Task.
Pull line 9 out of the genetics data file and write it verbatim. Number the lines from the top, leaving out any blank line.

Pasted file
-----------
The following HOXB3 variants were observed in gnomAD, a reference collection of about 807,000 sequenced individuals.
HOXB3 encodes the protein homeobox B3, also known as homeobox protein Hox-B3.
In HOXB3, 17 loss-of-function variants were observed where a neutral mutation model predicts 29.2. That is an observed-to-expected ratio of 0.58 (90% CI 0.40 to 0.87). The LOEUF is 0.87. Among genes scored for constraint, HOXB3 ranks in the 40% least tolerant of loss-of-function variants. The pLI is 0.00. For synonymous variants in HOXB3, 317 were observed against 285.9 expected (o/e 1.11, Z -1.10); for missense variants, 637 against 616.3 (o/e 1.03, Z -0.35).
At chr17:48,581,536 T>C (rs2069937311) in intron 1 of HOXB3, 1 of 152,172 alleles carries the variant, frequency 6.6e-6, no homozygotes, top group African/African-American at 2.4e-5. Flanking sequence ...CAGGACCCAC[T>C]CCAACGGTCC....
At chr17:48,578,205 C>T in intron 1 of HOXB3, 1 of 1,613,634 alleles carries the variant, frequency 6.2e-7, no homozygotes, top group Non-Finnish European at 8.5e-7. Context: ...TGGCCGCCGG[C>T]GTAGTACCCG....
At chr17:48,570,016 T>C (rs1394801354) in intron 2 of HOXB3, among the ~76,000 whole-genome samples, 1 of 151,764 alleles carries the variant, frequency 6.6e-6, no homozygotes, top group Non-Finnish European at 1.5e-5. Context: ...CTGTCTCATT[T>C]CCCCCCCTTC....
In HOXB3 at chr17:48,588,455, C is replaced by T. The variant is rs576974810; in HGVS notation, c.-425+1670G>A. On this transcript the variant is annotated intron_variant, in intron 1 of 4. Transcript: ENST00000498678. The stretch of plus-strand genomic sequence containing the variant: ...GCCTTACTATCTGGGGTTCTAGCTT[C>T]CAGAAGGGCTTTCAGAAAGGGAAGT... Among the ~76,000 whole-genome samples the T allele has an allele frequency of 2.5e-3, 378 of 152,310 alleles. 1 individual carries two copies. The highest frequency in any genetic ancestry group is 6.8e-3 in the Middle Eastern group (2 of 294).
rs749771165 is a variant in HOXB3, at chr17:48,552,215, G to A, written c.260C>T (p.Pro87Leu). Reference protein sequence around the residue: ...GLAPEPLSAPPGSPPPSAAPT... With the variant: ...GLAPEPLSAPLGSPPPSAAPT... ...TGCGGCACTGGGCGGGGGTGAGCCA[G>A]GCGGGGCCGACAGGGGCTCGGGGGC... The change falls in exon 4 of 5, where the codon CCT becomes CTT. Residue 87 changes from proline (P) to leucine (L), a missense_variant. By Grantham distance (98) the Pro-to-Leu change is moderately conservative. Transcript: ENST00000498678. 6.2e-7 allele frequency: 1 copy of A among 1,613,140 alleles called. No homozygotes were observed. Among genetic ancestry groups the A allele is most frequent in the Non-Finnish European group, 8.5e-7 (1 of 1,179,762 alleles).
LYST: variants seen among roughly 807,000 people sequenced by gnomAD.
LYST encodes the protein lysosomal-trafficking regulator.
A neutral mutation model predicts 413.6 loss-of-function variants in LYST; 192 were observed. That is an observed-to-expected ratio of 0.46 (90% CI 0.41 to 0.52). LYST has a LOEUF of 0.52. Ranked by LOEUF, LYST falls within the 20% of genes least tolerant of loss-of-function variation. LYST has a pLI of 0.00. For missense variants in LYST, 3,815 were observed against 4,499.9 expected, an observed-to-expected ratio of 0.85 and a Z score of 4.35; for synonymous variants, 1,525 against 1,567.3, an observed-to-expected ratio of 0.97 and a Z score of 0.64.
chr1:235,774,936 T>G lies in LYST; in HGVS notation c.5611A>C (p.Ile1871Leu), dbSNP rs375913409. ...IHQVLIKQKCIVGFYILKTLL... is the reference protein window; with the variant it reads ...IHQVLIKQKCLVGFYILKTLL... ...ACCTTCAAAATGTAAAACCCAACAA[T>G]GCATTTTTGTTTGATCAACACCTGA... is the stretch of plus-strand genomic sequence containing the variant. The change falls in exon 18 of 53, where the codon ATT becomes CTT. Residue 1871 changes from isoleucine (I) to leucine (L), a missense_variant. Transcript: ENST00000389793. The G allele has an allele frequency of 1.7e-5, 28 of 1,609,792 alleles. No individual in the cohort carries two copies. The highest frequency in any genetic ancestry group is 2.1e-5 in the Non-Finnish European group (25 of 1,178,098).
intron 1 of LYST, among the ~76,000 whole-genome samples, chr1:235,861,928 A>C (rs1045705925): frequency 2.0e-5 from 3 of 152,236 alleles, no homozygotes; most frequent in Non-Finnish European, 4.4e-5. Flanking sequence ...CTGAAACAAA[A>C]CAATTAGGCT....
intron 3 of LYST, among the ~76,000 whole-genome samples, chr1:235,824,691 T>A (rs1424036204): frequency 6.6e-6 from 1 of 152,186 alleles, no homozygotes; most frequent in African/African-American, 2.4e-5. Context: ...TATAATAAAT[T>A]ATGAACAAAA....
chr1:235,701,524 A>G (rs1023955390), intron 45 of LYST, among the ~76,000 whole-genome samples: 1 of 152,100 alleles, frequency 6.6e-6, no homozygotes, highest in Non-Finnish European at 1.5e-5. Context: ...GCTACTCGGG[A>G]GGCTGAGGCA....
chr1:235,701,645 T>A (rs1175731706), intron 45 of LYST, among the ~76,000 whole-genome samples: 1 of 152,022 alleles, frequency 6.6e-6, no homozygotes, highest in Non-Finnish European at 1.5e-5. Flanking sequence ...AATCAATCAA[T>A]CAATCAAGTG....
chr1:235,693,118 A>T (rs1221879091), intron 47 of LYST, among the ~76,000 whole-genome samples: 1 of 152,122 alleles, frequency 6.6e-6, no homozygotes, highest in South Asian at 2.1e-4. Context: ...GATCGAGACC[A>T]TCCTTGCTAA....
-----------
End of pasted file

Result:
LYST: variants seen among roughly 807,000 people sequenced by gnomAD.